The attorney general announced in March that he had recused himself from all matters related to the 2016 election, including the Russia inquiry. The disclosure came after it was revealed that Mr. Sessions had not told Congress that he met twice with the Russian ambassador to the United States at the time, Sergey I. Kislyak, during the campaign.
Mr. Sessions, an early supporter of Mr. Trump’s presidential run, had been among a small group of senior campaign and administration officials whom Mr. Mueller had been expected to interview.
Mr. Mueller’s interest in Mr. Sessions shows how the president’s own actions helped prompt a broader inquiry. What began as a Justice Department counterintelligence investigation into Russia’s election interference is now also an examination of whether Mr. Trump tried to obstruct the inquiry, and the nation’s top law enforcement officer is a witness in the case.
For Mr. Mueller, Mr. Sessions is a key witness to two of the major issues he is investigating: the campaign’s possible ties to the Russians and whether the president tried to obstruct the Russia investigation.
Mr. Mueller can question Mr. Sessions about his role as the head of the campaign’s foreign policy team. Mr. Sessions was involved in developing Mr. Trump’s position toward Russia and met with Russian officials, including the ambassador.
Along with Mr. Trump, Mr. Sessions led a March 2016 meeting at the Trump International Hotel in Washington, where one of the campaign’s foreign policy advisers, George Papadopoulos, pitched the idea of a personal meeting between Mr. Trump and Mr. Putin. Mr. Papadopoulos pleaded guilty in October to lying to federal authorities about the nature of his contacts with the Russians and agreed to cooperate with the special counsel’s office.
As attorney general, Mr. Sessions was deeply involved in the firing of the former F.B.I. director, James B. Comey, and the president has repeatedly criticized Mr. Sessions publicly and privately for recusing himself from the Russia investigation.
When Mr. Trump learned in March that Mr. Sessions was considering whether to recuse himself, the president had the White House’s top lawyer, Donald F. McGahn II, lobby Mr. Sessions to remain in charge of the Russia investigation.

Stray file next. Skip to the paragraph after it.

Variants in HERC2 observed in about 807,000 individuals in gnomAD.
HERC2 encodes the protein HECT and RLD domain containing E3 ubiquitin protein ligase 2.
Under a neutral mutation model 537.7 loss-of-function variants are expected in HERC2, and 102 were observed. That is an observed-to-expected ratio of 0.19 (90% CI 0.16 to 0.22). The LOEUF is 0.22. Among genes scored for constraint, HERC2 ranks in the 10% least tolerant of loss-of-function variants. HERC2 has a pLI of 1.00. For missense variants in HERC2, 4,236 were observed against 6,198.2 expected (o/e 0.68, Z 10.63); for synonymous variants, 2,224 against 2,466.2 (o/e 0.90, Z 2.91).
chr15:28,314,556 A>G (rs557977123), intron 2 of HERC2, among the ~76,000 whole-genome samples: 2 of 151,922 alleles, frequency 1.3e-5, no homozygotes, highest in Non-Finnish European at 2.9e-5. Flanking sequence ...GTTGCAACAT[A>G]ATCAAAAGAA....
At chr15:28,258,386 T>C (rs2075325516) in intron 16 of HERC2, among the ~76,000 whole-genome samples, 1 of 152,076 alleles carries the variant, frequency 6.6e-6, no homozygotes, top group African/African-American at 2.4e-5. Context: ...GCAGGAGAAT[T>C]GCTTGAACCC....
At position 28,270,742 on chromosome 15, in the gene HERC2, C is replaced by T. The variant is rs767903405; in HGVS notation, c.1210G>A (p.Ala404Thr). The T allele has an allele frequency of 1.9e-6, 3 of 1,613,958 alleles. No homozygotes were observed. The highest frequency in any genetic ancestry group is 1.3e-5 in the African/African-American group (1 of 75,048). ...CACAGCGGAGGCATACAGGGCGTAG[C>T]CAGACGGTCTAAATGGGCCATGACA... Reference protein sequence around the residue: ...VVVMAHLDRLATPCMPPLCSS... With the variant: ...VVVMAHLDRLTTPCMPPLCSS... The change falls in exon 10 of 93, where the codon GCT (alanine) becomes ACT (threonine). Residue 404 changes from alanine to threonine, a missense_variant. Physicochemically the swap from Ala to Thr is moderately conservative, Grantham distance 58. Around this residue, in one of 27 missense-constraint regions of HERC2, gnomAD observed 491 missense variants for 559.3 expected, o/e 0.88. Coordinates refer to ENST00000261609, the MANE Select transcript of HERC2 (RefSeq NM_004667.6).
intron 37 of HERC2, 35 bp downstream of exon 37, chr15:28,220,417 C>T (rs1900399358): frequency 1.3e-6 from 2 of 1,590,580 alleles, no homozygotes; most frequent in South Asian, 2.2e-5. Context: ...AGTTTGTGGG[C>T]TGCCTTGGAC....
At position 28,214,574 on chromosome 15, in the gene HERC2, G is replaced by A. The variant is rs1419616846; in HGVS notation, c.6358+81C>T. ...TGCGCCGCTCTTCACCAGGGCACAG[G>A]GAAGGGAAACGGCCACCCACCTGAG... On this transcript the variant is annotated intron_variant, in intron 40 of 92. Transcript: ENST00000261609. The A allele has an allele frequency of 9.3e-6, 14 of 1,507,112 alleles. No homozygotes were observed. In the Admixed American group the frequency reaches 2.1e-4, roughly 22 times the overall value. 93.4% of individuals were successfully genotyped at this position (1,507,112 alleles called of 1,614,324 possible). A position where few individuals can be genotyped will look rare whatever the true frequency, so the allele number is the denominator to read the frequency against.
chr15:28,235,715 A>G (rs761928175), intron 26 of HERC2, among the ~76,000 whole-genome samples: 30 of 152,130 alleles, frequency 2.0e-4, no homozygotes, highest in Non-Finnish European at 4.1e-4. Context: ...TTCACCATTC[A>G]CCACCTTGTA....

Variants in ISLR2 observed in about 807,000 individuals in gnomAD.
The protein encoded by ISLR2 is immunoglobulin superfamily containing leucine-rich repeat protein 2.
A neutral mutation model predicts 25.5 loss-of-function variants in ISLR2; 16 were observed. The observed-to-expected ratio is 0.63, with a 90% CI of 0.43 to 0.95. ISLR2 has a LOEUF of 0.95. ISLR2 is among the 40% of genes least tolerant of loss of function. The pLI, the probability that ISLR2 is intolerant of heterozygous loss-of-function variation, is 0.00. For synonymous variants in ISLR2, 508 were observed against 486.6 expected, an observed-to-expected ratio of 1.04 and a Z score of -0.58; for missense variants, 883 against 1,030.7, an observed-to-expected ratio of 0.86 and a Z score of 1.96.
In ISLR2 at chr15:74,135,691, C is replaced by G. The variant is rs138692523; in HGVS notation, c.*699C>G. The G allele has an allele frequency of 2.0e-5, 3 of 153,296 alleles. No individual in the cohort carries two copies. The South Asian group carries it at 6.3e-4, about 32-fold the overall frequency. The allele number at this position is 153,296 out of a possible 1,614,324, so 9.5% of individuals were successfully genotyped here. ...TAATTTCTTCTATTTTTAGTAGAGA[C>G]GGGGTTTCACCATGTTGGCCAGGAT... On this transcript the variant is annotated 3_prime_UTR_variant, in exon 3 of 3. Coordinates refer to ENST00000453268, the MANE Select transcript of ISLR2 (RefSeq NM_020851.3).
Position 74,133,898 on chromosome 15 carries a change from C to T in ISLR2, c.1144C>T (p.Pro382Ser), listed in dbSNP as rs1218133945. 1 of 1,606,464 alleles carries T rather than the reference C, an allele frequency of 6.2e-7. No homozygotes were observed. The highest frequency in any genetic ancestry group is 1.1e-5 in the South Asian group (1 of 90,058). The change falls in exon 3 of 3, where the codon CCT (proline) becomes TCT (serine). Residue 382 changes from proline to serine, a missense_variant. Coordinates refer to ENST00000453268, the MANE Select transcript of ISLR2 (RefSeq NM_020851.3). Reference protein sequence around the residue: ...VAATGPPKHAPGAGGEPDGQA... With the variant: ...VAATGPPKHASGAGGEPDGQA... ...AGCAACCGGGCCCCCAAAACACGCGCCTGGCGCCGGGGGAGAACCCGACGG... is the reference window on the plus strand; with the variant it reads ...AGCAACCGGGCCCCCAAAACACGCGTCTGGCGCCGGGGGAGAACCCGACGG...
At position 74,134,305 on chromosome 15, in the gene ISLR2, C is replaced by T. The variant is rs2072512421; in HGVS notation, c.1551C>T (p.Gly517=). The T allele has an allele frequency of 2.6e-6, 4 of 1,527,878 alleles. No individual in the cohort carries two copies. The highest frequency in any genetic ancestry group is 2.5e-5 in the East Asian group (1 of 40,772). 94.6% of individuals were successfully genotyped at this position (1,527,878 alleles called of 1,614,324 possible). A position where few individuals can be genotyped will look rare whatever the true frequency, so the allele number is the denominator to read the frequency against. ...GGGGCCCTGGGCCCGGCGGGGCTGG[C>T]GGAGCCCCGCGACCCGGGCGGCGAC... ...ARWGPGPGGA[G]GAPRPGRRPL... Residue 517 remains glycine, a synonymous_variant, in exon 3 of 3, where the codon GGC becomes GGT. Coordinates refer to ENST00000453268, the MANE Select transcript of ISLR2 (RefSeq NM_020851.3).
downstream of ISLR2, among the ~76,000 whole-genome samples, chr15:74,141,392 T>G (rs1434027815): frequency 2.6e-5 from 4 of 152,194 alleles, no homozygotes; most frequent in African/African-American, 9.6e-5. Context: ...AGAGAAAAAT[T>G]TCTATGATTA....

Mr. Sessions instead followed the guidance of career prosecutors at the Justice Department, who advised him that he should not be involved with the investigation. When Mr. Trump was told of this, the president erupted in anger, saying he needed an attorney general to protect him.
After Mr. Mueller was appointed in May, Mr. Trump again erupted at Mr. Sessions and Mr. Sessions offered to resign. Several days later, Mr. Trump rejected Mr. Sessions’s offer.
Mr. Trump insisted to reporters in the Oval Office on Tuesday afternoon that he was not troubled that Mr. Sessions had spoken to Mr. Mueller’s investigators.
“No, not at all,” Mr. Trump said.
The president was also asked whether Christopher A. Wray, the director of the F.B.I. who replaced Mr. Comey, had threatened to resign because Mr. Trump and Mr. Sessions were pressuring him to clear the bureau of loyalists to Mr. Comey, as reported by the website Axios late on Monday.
“He didn’t at all,” Mr. Trump said of Mr. Wray. Asked again, the president added: “He did not even a little bit. Nope. He’s going to do a good job.”
Mr. Wray’s tenure has been fraught as the president has repeatedly fanned suspicion about whether the F.B.I.’s work is politically motivated. But he stopped short of threatening to quit, a person familiar with the events said. Mr. Wray told Mr. Sessions that he needed to move at his own pace to make changes within the F.B.I., and that if the president and the attorney general wanted replacements made more quickly, someone else would have to do it, the person said.
Two weeks ago, Mr. Mueller subpoenaed Mr. Trump’s former chief strategist, Stephen K. Bannon, to testify before a grand jury. Mr. Mueller is expected to forgo the grand jury appearance for now and will instead have his investigators interview Mr. Bannon in the coming weeks.